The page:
Your account has been created
Jurors review several pieces of video evidence as they deliberate for a second day
Find your bookmarks in your Independent Premium section, under my profile
Attorneys for Kyle Rittenhouse have made another request for a mistrial after arguing that prosecutors provided them with a lower-quality video of a key moment in the case.
On 17 November, defence attorney Corey Chirafisi asked Judge Bruce Schroeder to consider a mistrial without prejudice, meaning the teenager charged with homicide for killing two men and injuring another could be retried if he is not acquitted.
“We would have done this case in a different manner” if the defence had access to the “same information, the same quality of videos, and I think that is required in a case like this where he’s looking at a life sentence,” Mr Chirafisi said.
The request follows a dense and convoluted series of arguments over the last week about video compression involving a higher-definition drone-shot video that has been central to prosecutors’ argument that Mr Rittenhouse provoked violence in an already-chaotic scene in the aftermath of police brutality protests in Kenosha, Wisconsin on 25 August 2020.
Prosecutors believe the video proves that Mr Rittenhouse had lied during his testimony when he said he did not point his AR-15-style rifle before Joseph Rosenbaum, who was unarmed, chased Mr Rittenhouse, who then fired four shots. A group later chased after Mr Rittenhouse when he fled the scene; Mr Rittenhouse then fatally shot Anthony Huber and fired a round into Gaige Grosskreutz’s arm.
Throughout the case, legal teams exchanged video evidence through DropBox. The prosecution said police had delivered the higher-resolution video through AirDrop, and that the defence later requested the drone video via email, which they argued had compressed the video from an Apple-to-Android transfer.
Assistant District Attorney James Kraus said that the video was played in court for the jury and “not objected to, the authenticity was stipulated to, and the defence watched this exhibit.”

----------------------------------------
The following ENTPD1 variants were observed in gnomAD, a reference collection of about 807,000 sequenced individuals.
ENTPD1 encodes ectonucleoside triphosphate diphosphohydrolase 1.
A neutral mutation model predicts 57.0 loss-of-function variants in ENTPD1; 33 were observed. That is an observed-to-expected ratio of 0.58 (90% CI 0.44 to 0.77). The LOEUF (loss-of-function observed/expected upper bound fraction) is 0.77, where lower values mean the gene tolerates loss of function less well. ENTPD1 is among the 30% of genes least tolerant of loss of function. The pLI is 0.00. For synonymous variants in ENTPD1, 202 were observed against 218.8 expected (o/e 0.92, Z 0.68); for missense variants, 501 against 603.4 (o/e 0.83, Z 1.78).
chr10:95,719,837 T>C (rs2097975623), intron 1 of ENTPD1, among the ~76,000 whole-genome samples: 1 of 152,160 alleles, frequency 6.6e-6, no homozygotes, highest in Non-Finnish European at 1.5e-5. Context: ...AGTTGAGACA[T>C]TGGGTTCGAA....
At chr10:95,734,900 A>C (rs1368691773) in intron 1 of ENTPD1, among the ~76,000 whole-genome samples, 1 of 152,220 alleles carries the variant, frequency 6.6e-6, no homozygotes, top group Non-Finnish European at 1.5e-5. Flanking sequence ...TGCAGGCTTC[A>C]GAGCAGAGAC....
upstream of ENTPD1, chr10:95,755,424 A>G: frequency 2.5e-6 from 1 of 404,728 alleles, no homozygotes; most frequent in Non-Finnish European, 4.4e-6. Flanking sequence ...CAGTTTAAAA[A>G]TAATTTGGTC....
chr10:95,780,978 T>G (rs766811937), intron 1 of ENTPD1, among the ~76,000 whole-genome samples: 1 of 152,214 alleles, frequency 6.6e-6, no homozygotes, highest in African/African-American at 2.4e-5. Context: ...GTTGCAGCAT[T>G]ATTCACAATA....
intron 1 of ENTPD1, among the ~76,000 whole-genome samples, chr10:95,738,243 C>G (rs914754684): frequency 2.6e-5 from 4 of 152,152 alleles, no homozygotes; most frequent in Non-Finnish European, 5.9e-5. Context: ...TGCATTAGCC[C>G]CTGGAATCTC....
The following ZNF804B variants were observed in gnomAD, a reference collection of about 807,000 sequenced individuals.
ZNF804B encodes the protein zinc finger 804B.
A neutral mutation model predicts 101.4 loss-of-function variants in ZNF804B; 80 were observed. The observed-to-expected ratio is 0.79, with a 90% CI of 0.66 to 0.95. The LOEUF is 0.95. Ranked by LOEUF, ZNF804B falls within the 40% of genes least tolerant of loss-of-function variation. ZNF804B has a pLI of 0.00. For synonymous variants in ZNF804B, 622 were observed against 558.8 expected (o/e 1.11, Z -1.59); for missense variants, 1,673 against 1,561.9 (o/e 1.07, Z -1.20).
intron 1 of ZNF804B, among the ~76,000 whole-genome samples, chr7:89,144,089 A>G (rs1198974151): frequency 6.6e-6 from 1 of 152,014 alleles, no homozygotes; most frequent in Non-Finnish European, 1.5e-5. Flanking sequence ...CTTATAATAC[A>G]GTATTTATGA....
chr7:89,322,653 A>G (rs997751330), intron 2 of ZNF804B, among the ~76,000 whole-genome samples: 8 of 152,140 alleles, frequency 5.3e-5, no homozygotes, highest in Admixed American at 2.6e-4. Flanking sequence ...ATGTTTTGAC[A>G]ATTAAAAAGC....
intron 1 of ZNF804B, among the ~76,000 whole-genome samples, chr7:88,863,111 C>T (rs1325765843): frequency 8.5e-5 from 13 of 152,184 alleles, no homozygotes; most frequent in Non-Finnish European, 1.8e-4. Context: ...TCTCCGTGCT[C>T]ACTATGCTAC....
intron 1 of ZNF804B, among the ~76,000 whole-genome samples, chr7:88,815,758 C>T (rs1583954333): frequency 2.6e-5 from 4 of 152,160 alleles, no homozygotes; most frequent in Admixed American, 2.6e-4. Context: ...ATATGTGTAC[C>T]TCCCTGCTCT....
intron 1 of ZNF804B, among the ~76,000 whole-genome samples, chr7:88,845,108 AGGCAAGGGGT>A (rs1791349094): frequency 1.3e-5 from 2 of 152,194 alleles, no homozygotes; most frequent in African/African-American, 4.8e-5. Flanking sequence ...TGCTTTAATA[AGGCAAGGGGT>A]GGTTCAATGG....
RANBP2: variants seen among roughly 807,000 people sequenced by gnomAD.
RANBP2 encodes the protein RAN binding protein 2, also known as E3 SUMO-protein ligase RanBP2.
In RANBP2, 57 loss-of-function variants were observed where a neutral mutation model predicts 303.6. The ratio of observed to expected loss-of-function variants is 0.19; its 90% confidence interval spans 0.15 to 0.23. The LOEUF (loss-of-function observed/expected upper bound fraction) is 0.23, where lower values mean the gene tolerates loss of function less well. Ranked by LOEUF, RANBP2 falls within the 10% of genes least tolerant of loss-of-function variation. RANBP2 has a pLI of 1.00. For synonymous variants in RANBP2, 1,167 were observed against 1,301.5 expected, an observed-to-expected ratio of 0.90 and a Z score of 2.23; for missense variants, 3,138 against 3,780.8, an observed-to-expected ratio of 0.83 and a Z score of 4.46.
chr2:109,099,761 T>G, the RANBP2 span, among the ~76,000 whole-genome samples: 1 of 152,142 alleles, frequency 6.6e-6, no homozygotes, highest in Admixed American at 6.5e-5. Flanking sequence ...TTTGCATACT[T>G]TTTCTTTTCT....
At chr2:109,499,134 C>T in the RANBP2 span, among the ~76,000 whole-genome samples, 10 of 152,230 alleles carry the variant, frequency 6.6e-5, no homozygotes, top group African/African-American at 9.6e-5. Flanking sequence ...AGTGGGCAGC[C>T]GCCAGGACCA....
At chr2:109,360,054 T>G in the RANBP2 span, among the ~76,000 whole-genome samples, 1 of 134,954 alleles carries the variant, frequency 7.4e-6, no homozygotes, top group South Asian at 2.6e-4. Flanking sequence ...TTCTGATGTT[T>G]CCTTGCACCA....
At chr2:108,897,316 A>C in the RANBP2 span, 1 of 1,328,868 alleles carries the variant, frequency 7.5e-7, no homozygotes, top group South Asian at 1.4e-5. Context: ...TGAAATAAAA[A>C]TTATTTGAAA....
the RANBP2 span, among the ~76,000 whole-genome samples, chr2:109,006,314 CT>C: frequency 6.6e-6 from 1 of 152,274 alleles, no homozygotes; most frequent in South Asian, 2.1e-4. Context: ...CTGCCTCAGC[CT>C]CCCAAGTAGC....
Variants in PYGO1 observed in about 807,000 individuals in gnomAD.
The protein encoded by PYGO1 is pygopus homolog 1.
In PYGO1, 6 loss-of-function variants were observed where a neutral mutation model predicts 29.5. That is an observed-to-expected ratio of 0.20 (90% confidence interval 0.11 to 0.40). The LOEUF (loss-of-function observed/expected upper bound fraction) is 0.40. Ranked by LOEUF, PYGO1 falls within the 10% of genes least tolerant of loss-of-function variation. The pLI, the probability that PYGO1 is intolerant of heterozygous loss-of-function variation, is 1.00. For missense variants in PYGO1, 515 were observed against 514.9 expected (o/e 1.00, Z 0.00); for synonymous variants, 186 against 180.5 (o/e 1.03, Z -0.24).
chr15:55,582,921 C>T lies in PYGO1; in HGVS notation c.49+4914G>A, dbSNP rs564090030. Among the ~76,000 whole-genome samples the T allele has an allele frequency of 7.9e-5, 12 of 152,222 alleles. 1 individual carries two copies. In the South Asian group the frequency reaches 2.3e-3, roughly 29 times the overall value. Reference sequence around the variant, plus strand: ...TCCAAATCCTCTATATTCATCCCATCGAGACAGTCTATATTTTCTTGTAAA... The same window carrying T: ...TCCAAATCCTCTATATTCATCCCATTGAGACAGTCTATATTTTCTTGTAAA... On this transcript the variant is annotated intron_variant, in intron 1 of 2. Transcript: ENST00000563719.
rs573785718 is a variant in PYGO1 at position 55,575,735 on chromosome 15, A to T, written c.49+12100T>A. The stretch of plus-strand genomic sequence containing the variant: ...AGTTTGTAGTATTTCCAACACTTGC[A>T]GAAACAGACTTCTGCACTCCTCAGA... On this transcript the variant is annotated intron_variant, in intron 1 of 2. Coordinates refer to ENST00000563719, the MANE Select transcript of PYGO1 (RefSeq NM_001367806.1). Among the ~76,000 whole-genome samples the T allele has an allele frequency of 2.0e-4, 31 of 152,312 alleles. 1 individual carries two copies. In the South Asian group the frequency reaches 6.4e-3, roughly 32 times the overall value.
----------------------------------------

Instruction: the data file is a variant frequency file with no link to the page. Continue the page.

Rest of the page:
“That is what matters. That is what the jury has seen,” he said.
He said that the court has focused “too heavily on a technological glitch,” and that it wasn’t the prosecution’s fault that a video was compressed when it was received by the defence.
“I do not believe … an unknown technical incident should result in a mistrial,” Mr Kraus said.
Earlier this week, Mr Rittenhouse’s legal team filed a motion calling on the judge to dismiss the case and issue a mistrial with prejudice in the teenager’s double homicide case, after defence attorneys objected to lines of questioning from Kenosha County Assistant District Attorney Thomas Binger during last week’s cross examination of Mr Rittenhouse, who took the witness stand in his own defence on 10 November.
The request on 17 November came as Judge Schroeder determined the ground rules for the jury to review several pieces of video evidence that were shown during the two-week trial and that they requested to revisit as they conclude a second day of deliberations.
Judge Schroeder has taken the mistrial motion under advisement but has not issued a ruling.
The judge determined that jurors are able to review the drone video, but he warned that if it is deemed unreliable, “it’s going to get ugly”.
“There is a day of reckoning with respect to these things,” he said.
The court was cleared and cameras were turned off so jurors could return to the courtroom and watch the requested video clips.
Want to bookmark your favourite articles and stories to read or reference later? Start your Independent Premium subscription today.
New to The Independent?
Or if you would prefer:
Want an ad-free experience?
Your account has been created